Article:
Beginning of the End


David Sent Back to Ziklag

But the princes angrily persisted: “Make this fellow return, that he may go back to the place which you have appointed for him, and do not let him go down with us to battle, lest in the battle he become our adversary. For with what could he reconcile himself to his master, if not with the heads of these men? Is this not David, of whom they sang one to another in dances, saying, ‘Saul has slain his thousands, and David his ten thousands?’” They did not believe that David would fight against his own people. In the heat of battle he could inflict greater harm on the Philistines than all of Saul’s army. BOE 348.5

Achish, calling David, said, “Surely, as the Lord lives, you have been upright. ... For to this day I have not found evil in you since the day of your coming to me. Nevertheless the lords do not favor you. Therefore return now, and go in peace, that you may not displease the lords of the Philistines.” Thus the trap entangling David was broken. BOE 349.1

After three days’ travel David and his band of six hundred men reached Ziklag, their Philistine home. But a scene of desolation met their view. The Amalekites had taken revenge for themselves for David’s invasions into their territory and had surprised the city while it was unguarded. They stripped and burned it and departed, taking all the women and children as captives, and many stolen items. BOE 349.2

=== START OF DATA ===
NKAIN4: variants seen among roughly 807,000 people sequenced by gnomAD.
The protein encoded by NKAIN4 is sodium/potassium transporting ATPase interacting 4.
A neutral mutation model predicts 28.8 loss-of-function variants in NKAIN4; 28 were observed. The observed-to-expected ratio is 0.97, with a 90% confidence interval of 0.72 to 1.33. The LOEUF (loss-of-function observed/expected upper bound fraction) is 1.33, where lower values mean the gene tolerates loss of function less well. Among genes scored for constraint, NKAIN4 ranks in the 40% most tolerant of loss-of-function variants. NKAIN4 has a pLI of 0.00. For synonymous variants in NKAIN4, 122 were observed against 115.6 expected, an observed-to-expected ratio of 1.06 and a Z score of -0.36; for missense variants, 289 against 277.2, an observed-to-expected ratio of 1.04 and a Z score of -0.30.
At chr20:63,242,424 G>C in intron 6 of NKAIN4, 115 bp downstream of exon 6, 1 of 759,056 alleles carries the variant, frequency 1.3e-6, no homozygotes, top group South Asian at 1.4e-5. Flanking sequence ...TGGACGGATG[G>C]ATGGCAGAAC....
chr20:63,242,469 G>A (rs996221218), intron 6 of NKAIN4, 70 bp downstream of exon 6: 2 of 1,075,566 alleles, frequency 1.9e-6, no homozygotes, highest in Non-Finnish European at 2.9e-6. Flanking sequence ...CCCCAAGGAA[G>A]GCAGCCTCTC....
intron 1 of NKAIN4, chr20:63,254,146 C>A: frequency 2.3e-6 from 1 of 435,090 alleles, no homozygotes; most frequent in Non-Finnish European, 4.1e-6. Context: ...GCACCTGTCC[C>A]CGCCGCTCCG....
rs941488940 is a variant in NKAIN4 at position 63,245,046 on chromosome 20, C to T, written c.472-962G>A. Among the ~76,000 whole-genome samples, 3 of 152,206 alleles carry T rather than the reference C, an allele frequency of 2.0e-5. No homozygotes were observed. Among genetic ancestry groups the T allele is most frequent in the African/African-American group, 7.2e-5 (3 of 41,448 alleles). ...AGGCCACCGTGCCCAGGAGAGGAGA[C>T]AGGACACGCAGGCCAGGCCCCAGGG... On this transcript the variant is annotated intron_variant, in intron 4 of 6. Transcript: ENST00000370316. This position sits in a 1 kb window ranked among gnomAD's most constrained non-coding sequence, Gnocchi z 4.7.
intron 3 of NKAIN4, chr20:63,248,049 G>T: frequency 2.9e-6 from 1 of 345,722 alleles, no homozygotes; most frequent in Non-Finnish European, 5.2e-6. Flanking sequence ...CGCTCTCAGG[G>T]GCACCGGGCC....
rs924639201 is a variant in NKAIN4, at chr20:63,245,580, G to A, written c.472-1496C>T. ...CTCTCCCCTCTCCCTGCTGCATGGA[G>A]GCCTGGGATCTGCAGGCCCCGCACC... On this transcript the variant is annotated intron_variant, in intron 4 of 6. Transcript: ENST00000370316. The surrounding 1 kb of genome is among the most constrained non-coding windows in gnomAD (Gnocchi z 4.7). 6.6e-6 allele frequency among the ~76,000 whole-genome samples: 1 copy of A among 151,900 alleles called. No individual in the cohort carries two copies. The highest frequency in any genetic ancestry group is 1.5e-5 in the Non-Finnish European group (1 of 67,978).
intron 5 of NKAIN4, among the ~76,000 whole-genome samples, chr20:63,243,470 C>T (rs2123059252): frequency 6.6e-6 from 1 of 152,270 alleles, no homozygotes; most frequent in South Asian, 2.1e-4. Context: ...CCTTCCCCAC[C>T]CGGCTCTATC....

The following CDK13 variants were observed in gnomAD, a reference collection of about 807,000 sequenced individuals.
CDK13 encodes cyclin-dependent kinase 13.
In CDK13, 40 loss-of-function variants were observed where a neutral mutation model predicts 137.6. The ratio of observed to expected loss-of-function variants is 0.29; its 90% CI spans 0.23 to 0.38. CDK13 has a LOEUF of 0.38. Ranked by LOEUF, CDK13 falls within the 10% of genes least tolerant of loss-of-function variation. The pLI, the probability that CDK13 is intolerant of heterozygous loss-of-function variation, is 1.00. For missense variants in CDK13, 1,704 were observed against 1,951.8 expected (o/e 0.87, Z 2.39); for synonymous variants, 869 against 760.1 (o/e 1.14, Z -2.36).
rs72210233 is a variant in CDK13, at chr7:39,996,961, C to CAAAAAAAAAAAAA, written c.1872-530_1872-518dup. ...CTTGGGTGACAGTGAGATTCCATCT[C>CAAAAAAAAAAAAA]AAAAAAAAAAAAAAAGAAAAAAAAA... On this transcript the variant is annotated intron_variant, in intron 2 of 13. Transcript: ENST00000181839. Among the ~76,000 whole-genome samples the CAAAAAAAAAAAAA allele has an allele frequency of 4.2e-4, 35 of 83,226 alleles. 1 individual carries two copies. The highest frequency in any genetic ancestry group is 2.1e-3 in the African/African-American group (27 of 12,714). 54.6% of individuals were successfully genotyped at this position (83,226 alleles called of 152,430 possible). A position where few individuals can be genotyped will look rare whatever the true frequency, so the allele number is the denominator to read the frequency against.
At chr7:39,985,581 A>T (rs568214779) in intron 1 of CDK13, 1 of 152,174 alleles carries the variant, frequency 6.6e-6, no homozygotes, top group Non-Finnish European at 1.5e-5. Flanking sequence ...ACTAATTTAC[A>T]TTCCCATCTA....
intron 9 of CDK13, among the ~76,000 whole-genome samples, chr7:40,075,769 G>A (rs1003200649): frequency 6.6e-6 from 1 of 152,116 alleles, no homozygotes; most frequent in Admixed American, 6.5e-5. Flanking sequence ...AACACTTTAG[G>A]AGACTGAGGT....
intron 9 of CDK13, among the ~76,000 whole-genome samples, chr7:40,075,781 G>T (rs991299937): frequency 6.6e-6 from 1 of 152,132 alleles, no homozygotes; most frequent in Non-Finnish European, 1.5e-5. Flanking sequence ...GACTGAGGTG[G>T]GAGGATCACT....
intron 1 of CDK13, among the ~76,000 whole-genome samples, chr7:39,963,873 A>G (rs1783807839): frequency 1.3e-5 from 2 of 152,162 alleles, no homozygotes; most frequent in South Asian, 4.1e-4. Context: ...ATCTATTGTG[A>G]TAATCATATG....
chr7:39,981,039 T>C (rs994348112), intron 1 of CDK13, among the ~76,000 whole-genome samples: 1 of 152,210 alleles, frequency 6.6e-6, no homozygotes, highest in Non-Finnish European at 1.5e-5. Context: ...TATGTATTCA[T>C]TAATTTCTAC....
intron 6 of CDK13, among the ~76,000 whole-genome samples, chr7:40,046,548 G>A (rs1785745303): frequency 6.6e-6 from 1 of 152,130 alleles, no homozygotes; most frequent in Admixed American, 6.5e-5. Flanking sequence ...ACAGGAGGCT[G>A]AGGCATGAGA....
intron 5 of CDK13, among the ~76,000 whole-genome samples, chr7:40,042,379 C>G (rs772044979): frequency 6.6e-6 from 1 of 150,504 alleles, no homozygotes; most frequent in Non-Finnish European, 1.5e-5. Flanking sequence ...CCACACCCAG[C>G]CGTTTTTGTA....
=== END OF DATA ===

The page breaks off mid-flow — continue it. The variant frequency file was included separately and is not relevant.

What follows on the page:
In horror and amazement, David and his men stared silently at the smoldering ruins. Then as a sense of their terrible loss burst upon them, those battle-scarred warriors “lifted up their voices and wept, until they had no more power to weep.” BOE 349.3

Here again David was reaping the sad results of his lack of faith that led him to place himself among the enemies of God and His people. David’s followers turned on him as the cause of their calamities. He had angered the Amalekites by his attack against them; yet, too confident of security in the midst of his enemies, he had left the city unguarded. Maddened with grief and rage, his soldiers threatened to stone their leader. BOE 349.4